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Autism Awareness Month, Part One

April is Autism Awareness Month, an initiative designed to promote acceptance and inclusion for those with autism. According to the Autism Speaks organization, autism spectrum disorder “refers to a range of conditions characterized by challenges with social skills, repetitive behaviors, speech and nonverbal communication, as well as by unique strengths and differences.” BHMA has several students on the autism spectrum, and they are all distinctly themselves. This blog is the first of two that will feature individual students with autism and highlight the strides they have made while at BHMA.

Matt Cloughley

Image of Matt Cloughley, wearing a blue polo shirt and black apron, washing dishes at the sink in the BHMA commercial kitchen.

“Piano, guitar, violin, voice, drums, alto saxophone, tenor saxophone, flute, clarinet, and trombone,” Matt proudly rattles off. His memorized and oft-used list details the impressive number of instruments Matt plays. Originally from New Jersey, Matt, 27, and his family moved to the Pioneer Valley following a successful stint at BHMA’s Summer Program starting in 2006. He went on to participate in the Two-YearTransition Program from 2010 to 2012, and then entered the LIVE Program. Since then he has become one of the central figures of BHMA and its programming.

From living in the dorms, to the men’s on-campus apartment, to the off-campus apartment, Matt has grown significantly at BHMA. Andy Anderson, Assistant Director of Music and Music Vocation, says of Matt, “Over the years that I have known him, Matt has learned to, and excelled in, demonstrating his instrumental flexibility in all walks of life. He is constantly working to better himself and to help those around him." Andy and Matt work together in LIVE Band, a space that allows Matt to demonstrate his musical prowess and spread the joy of music at various venues. And he gets paid for performing at gigs—for doing what he loves.

As he has added additional instruments to his repertoire, Matt has also learned how to be more independent. He goes to the bank, shops, cooks, and cleans at home. His apartment advisor Deidra Perez helps him along the way, with everything from Christmas lists to garbage. Matt also works in the kitchen at BHMA three times a week, and participates in a number of student group including Zumba, Yoga, Boltwood and Baking Club. With all that he does and has achieved, Matt embodies the interconnectedness between music and other forms of growth.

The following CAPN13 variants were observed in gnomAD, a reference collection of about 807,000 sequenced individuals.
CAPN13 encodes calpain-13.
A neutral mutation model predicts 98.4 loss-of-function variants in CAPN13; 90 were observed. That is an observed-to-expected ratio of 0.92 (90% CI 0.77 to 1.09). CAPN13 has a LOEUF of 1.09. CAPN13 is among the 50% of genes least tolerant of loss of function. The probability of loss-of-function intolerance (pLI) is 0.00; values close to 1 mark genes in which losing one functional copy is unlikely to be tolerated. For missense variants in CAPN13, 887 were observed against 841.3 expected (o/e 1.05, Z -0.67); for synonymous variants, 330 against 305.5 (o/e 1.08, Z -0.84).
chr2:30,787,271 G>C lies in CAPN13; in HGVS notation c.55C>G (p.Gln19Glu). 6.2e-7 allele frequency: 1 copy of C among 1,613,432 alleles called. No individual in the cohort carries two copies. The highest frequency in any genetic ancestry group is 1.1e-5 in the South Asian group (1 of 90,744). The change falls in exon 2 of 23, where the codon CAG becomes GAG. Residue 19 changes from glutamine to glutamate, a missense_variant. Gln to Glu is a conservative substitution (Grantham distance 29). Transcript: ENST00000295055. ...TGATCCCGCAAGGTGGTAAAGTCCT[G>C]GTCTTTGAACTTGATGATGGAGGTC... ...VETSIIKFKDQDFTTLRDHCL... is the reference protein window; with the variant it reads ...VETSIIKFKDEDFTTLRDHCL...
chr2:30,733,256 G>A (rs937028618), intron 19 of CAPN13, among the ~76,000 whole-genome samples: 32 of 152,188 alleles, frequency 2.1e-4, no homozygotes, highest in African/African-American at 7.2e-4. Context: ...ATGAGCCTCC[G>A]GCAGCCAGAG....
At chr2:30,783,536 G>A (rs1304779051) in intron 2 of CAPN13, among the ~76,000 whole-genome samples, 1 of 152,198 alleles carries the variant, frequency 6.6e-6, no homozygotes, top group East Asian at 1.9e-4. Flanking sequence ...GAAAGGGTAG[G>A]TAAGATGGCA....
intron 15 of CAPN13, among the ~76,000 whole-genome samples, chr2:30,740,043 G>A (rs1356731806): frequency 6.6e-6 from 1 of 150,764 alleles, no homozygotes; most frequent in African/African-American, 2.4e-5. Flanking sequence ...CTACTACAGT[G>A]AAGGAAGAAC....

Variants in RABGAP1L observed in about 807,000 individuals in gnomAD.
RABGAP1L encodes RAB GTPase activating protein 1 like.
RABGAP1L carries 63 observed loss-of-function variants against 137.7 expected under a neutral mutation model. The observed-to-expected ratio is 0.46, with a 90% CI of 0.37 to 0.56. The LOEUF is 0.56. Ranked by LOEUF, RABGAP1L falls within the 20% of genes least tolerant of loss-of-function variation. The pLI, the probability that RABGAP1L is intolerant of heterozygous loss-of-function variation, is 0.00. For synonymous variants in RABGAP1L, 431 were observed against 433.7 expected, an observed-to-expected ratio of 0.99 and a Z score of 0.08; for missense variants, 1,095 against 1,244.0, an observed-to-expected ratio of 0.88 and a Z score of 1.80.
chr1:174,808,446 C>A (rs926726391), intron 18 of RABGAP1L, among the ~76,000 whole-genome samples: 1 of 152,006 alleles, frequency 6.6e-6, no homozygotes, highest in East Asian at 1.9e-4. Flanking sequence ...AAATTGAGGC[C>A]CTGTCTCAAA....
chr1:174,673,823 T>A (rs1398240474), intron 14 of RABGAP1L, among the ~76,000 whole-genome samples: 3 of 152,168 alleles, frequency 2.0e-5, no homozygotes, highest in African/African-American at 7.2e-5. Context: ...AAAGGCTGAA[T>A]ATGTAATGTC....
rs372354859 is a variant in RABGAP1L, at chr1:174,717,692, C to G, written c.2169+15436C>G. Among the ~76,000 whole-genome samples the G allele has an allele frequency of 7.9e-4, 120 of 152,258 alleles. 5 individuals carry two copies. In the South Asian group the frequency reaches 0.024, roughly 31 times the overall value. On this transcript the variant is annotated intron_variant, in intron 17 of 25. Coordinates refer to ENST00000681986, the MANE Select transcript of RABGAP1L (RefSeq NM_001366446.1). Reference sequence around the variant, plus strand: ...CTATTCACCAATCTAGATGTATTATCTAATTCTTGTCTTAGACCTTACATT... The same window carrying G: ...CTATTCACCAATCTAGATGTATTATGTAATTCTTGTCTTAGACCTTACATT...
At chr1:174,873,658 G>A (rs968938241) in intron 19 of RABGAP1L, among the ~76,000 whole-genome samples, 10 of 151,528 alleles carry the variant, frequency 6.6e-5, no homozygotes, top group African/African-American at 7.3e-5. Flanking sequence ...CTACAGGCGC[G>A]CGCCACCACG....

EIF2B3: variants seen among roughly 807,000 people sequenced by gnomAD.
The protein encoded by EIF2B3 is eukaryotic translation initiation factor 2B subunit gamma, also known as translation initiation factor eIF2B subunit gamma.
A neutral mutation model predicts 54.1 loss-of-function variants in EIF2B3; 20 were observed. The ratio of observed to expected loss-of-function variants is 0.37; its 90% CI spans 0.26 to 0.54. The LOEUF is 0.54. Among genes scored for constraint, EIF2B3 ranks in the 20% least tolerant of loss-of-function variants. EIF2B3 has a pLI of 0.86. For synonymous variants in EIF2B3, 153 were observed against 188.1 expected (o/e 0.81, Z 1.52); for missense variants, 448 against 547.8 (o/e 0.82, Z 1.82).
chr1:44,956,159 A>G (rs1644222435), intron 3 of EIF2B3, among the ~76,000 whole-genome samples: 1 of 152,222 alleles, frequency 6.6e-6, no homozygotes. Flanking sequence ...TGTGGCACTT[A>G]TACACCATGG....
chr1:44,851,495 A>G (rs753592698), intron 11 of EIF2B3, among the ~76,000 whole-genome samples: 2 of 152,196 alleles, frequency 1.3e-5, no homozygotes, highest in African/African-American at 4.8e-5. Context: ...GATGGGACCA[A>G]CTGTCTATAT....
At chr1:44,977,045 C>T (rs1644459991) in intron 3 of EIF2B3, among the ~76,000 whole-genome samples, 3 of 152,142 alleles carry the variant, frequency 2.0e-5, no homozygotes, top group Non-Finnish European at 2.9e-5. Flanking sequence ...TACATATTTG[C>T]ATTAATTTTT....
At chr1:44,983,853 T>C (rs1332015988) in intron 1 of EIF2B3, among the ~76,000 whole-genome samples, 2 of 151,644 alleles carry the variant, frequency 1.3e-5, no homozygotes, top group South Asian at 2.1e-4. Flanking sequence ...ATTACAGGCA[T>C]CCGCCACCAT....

Brian Krutzler

Image of Brian Krutzler, wearing a navy blue t-shirt over gray long sleeves, looking pensively at the piano keys as he is guided by Music Instructor Alyson Grammo.

Speaking about things he wants others to know about him, Brian says, “I’m a good cheerleader and role model for people.” After a pause, he adds with a smile that he has done some beat boxing in the past as well. Purely himself, Brian, 23, is a local day student, and he came to BHMA after attending nearby Frontier Regional for high school. He is now set to graduate from our Two-Year Transition Program in May, marking a milestone on his quest for independence and friendship.

Brian has had a very well-rounded experience at BHMA thus far. He takes both piano and voice lessons, and credits these experiences with instilling in him other useful competencies. As he explains, “piano lessons help me stay focused on the task at hand.” That ability can be directly applied to other situations, such as his new job of trash removal each Tuesday. Through his classes, Brian has also learned strategies to deal with stress and to respect boundaries. And while these skills are all very important, what matters a great deal to Brian is the concept of friendship. As he admits, being around friends and people his own age is one of the best parts of BHMA, and he truly wants to capitalize on that part of his college experience. Life Skills Teacher Danielle Kelly says, “Brian has worked very hard to learn how to talk to his peers and how to listen to them, and to be a kind friend." His efforts have provided him with the skills he needs to interact with his peers in meaningful ways. 

Brian is very involved at BHMA, participating in Games Club, Boltwood, Self-Advocacy Club, and Special Olympics basketball, soccer, and swimming. He has a keen interest in sports, as evidenced by his commitment to reading the sports section in the local newspaper every day. Though Brian has flourished in his two years at BHMA, he still has other goals he would like to pursue, such as becoming more independent, increasing his use of public transportation, and gaining more friends. With Brian entering the LIVE Program, BHMA will get to witness his continuing growth. Brian's progress and focus on friendship demonstrates the power that individualizing one's path to independence has. And through it all, he is earnest and genuine in his drive to be a good person and friend.


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